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We asked our readers what were the books that stayed with them. Here are five books from the past decade by women authors are must reads!
We have come to the end of yet another year. Wait. Another decade. A number of books were written published, read, devoured through this period. Some books made you cry, and some made you laugh. And some books stayed with you. They may have taught you lessons, they may have haunted you. But they stayed with you.
And so when we asked our readers what was the book that stayed with them, these were some of the most popular ones.
In case, any of you, like me, have no New Year’s Eve plans, find one of these books, get yourself some hot chocolate or wine and ring in the new decade with a book!
Everyone’s favourite former FLOTUS Michelle Obama writes a book and it doesn’t get popular? That is next to impossible. ‘Becoming’ is her memoir and was published late in 2018.
A deeply personal experience, she talks about her life at the White House, her campaigns and being a mother. Practically everyone who’s read this book will recommend it 10/10!
So what are you waiting for? Go grab your copy and read what Michelle Obama has to say– is there a better way to ring in the new year?
I remember reading my first Jhumpa Lahiri book- The Namesake. From page one, I was hooked and believe me, I was a fan since then! So when I saw The Lowland on the list, I knew I had to talk about it.
Published in 2013, the book spans the lives of two people Subhash and Gauri. Set in Calcutta, and the US, The Lowland is a story written in the typical Jhumpa Lahiri style. You live the lives with the characters, you feel their happiness and their pain.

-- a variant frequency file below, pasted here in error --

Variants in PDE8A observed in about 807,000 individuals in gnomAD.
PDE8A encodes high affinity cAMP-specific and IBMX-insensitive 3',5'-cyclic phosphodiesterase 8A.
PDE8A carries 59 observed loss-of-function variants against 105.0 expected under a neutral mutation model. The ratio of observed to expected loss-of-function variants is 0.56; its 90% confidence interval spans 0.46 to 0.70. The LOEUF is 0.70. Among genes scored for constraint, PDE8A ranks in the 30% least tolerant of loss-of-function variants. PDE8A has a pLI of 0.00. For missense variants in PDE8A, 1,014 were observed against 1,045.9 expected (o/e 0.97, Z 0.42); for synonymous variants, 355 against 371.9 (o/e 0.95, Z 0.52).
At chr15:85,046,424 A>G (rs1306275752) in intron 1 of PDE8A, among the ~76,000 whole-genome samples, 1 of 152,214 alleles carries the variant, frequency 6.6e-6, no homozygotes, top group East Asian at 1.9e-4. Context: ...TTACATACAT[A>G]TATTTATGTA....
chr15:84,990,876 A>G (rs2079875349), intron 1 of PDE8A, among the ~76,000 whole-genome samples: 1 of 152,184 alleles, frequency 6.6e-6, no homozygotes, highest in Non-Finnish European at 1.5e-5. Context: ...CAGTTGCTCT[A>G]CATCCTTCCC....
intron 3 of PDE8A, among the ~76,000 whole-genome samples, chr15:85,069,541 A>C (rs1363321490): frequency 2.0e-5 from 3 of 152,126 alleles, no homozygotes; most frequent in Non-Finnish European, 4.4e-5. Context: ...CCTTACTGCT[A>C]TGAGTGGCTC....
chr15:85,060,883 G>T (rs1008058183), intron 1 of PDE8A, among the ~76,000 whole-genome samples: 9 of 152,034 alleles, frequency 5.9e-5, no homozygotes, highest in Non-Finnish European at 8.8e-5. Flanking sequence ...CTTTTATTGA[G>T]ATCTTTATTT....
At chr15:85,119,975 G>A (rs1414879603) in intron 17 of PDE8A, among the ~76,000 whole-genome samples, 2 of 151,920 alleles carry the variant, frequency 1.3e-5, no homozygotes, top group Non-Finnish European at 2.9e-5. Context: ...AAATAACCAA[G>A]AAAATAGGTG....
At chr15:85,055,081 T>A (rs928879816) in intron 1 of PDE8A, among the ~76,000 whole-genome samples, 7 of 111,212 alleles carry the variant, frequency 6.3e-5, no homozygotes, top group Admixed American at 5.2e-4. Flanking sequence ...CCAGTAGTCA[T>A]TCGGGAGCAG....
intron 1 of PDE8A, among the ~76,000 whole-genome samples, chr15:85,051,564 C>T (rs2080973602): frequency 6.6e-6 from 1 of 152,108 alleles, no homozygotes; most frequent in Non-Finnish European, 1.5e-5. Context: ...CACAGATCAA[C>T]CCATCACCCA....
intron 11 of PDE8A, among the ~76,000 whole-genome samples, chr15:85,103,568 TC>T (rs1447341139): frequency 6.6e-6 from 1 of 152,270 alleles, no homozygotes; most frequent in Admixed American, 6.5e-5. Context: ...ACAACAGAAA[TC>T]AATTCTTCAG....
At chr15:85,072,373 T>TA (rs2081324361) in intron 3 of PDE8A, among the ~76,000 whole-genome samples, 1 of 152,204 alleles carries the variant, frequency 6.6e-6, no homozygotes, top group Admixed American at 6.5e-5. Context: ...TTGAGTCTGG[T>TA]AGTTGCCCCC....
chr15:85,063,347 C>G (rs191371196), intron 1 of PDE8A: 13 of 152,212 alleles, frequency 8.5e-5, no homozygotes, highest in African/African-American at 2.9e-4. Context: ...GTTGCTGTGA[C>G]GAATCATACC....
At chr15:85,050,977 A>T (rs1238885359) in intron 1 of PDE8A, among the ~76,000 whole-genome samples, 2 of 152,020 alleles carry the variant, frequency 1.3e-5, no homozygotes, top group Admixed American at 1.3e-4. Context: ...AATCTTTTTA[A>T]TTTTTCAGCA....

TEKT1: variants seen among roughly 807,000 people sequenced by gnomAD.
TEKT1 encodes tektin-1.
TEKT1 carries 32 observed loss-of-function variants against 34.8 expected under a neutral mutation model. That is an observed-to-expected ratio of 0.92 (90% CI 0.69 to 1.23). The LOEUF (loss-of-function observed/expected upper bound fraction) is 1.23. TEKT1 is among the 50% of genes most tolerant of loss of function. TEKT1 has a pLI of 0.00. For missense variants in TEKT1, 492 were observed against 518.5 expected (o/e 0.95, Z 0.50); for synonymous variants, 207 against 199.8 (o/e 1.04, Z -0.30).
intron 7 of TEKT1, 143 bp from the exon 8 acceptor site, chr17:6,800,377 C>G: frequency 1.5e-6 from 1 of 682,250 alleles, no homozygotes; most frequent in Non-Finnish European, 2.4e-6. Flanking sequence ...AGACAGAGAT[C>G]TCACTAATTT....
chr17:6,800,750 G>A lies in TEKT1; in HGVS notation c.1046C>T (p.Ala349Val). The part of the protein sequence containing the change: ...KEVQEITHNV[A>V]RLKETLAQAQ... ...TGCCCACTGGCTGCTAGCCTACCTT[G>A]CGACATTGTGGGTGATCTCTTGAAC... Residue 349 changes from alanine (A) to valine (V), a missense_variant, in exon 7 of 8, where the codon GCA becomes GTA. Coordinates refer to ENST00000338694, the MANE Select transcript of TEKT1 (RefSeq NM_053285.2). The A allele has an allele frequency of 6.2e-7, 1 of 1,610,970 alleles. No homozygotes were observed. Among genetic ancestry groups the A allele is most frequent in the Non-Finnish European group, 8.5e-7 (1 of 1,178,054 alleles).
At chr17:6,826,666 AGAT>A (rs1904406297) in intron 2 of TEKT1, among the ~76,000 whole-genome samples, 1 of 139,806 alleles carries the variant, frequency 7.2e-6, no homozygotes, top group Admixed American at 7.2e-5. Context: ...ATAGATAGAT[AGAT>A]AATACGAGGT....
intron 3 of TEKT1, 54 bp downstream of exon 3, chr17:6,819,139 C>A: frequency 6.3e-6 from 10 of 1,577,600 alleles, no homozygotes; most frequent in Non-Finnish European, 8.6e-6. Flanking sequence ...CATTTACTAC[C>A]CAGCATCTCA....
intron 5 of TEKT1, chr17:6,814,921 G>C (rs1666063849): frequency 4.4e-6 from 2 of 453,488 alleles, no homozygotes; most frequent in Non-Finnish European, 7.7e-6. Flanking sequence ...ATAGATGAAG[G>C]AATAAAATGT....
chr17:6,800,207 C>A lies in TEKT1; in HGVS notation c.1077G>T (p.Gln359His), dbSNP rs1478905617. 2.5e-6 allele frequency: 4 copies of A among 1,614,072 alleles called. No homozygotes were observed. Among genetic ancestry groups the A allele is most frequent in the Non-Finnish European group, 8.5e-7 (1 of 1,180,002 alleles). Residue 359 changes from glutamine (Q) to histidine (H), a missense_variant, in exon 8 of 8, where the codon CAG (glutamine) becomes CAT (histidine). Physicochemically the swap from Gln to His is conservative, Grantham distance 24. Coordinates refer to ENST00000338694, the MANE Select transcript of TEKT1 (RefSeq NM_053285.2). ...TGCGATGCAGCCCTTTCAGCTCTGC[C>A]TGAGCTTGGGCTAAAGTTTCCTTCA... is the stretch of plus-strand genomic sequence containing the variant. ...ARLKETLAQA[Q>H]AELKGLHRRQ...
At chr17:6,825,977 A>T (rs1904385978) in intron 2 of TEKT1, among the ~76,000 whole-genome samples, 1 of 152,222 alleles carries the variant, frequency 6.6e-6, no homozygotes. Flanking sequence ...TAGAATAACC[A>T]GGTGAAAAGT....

If you live away from your family, this book will make you call them and tell them what they mean to you.
If some book has haunted me for days after having read it, When I Hit You has to be it. This haunting, scary but beautiful book by Meena Kandasamy is one that I believe everyone must read.
It was published in 2017 by Atlantic Books. This is a story of a young woman who falls in love and marries a professor. Seems blissful, right? Well, he begins abusing her, trying to squash her spirit. The unnamed narrator wishes to be a writer but her husband beats her and rapes her to stop dreaming. She fights back, she resists and this is a story of her fight, her resistance and her strength to finally get out of the abusive marriage.
I do no justice to it when I describe it but it is a book, I would recommend everyone to read simply to understand how the human psyche some times works. Definitely worth going on our list of Most Memorable Book Of the Decade.
I think I was looking for Eleanor and Park when I stumbled upon this book and it blew my mind! Written in a first person perspective of Eleanor Oliphant, this is a story of how opening up your heart will only help you.